This paper presents an assessment of the stability of the financial system in New Zealand. Imbalances in the housing market, banks’ concentrated exposures to the dairy sector, and their high reliance on wholesale offshore funding are the key macro-financial vulnerabilities. The banking sector has significant exposure to real estate and agriculture, is relatively dependent on foreign funding, and is dominated by four Australian subsidiaries. A sharp decline in the real estate market, a reversal of the recent recovery in dairy prices, deterioration in global economic conditions, and tightening in financial markets would adversely impact the system. Despite these vulnerabilities, the banking system is resilient to severe shocks. Strengthening the macroprudential framework is important.
International Monetary Fund
This paper presents key findings of the Financial System Stability Assessment for New Zealand, including Reports on the Observance of Standards and Codes on Monetary and Financial Policy Transparency, Banking Supervision, and Securities Regulation. The assessment reveals that New Zealand has a profitable and well-functioning financial system, operating in a framework of well-developed financial markets. Short-term risks to stability appear low, given the favorable macroeconomic outlook, and sound and transparent financial policies. Stress tests for systemically important banks show resilience consistent with the sector’s relatively high levels of capital and profits.
International Monetary Fund. Monetary and Capital Markets Department
This paper presents an assessment of Observance of the Basel Core Principles for Effective Banking Supervision (BCP) in New Zealand. The supervisory approach of the Reserve Bank of New Zealand (RBNZ) reflects the characteristics of the local banking industry and the authorities’ goal to limit moral hazard by relying on market discipline and not offering deposit insurance. Banks offer traditional products in a highly concentrated market. Since the most recent Financial Sector Assessment Program, the RBNZ has increased attention to strengthening regulatory discipline. The current approach to supervision is limited by the heavy weight the RBNZ places on market discipline compared with regulatory discipline. Better compliance with the BCP and enhanced effectiveness of the RBNZ three-pillar approach are recommended.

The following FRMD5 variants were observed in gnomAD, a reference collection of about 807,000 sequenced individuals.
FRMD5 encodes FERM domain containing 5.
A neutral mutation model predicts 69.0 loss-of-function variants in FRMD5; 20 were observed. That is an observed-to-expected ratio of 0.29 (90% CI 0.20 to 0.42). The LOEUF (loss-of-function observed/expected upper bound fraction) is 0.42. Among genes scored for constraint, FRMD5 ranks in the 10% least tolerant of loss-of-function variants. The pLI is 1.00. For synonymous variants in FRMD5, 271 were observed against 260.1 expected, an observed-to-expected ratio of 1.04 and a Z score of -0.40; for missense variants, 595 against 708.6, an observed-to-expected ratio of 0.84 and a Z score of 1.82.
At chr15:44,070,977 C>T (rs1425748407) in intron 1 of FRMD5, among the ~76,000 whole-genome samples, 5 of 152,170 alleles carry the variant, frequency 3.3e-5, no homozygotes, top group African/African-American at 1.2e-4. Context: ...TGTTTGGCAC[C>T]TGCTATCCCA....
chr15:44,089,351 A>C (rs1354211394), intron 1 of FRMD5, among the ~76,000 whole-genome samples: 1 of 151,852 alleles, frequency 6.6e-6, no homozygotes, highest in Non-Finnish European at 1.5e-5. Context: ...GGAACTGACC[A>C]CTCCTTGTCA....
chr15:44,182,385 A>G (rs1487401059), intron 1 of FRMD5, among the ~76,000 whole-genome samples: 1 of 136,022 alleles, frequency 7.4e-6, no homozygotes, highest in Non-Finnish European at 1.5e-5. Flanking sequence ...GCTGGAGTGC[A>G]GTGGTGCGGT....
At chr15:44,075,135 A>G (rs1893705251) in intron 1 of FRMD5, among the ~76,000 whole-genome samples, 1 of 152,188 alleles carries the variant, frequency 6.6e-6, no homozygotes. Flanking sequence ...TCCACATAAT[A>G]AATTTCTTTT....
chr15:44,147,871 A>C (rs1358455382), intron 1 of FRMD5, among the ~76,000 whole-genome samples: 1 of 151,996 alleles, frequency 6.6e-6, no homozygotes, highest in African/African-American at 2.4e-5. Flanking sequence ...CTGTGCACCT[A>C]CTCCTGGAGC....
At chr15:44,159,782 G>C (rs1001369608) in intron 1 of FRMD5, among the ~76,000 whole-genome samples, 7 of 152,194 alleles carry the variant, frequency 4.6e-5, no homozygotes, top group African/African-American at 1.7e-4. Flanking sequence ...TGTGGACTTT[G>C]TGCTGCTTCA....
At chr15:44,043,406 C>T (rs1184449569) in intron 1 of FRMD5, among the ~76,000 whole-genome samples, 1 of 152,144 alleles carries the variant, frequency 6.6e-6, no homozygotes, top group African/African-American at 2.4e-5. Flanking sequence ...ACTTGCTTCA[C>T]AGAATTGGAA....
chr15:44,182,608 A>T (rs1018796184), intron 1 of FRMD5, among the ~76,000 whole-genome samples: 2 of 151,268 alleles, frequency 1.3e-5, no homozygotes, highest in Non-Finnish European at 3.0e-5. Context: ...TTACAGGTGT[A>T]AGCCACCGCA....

Mr. Niklas J Westelius
The Bank of Japan has used unconventional monetary policies to fight deflation and stabilize the financial system since the late 1990s. While the Bank of Japan’s reflation efforts have evolved over time, inflation and inflation expectations have remained stubbornly low. This paper examines the evolution of monetary policy in Japan over the past twenty years, in order to draw relevant lessons and propose ways to strengthen the Bank of Japan’s policy framework. In doing so the analysis focuses on three aspects of monetary policy: objectives and goals; policy strategies; and the communication framework. Moreover, the paper discusses coordination between monetary, fiscal, and financial policies, and how the corresponding institutional design could be strengthened.